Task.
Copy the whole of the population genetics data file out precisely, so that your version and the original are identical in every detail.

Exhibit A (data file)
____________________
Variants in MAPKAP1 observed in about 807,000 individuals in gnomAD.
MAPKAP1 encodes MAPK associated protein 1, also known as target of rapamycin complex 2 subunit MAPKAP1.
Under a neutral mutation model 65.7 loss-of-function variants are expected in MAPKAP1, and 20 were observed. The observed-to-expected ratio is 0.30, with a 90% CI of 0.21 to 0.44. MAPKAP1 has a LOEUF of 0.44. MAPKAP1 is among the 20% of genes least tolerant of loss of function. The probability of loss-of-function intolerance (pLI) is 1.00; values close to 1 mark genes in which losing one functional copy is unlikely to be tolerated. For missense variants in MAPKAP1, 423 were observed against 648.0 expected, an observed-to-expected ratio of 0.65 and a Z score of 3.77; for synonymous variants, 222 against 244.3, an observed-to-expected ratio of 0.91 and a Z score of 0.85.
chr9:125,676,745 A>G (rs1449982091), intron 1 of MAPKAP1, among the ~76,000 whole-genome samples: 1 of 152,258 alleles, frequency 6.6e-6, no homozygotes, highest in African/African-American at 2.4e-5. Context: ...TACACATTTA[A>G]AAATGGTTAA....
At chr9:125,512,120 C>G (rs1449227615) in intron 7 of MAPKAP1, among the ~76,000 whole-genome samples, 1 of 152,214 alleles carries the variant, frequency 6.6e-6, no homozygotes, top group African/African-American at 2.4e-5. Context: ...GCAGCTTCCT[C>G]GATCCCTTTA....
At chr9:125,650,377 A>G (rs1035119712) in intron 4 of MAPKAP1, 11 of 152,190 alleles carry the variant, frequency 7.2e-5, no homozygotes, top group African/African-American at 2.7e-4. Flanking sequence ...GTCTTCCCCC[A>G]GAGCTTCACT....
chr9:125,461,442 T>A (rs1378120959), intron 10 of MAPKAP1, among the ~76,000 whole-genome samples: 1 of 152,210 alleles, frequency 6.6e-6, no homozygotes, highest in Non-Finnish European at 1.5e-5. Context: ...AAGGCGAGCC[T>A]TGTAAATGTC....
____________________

Variants in MAPKAP1 observed in about 807,000 individuals in gnomAD.
MAPKAP1 encodes MAPK associated protein 1, also known as target of rapamycin complex 2 subunit MAPKAP1.
Under a neutral mutation model 65.7 loss-of-function variants are expected in MAPKAP1, and 20 were observed. The observed-to-expected ratio is 0.30, with a 90% CI of 0.21 to 0.44. MAPKAP1 has a LOEUF of 0.44. MAPKAP1 is among the 20% of genes least tolerant of loss of function. The probability of loss-of-function intolerance (pLI) is 1.00; values close to 1 mark genes in which losing one functional copy is unlikely to be tolerated. For missense variants in MAPKAP1, 423 were observed against 648.0 expected, an observed-to-expected ratio of 0.65 and a Z score of 3.77; for synonymous variants, 222 against 244.3, an observed-to-expected ratio of 0.91 and a Z score of 0.85.
chr9:125,676,745 A>G (rs1449982091), intron 1 of MAPKAP1, among the ~76,000 whole-genome samples: 1 of 152,258 alleles, frequency 6.6e-6, no homozygotes, highest in African/African-American at 2.4e-5. Context: ...TACACATTTA[A>G]AAATGGTTAA....
At chr9:125,512,120 C>G (rs1449227615) in intron 7 of MAPKAP1, among the ~76,000 whole-genome samples, 1 of 152,214 alleles carries the variant, frequency 6.6e-6, no homozygotes, top group African/African-American at 2.4e-5. Context: ...GCAGCTTCCT[C>G]GATCCCTTTA....
At chr9:125,650,377 A>G (rs1035119712) in intron 4 of MAPKAP1, 11 of 152,190 alleles carry the variant, frequency 7.2e-5, no homozygotes, top group African/African-American at 2.7e-4. Flanking sequence ...GTCTTCCCCC[A>G]GAGCTTCACT....
chr9:125,461,442 T>A (rs1378120959), intron 10 of MAPKAP1, among the ~76,000 whole-genome samples: 1 of 152,210 alleles, frequency 6.6e-6, no homozygotes, highest in Non-Finnish European at 1.5e-5. Context: ...AAGGCGAGCC[T>A]TGTAAATGTC....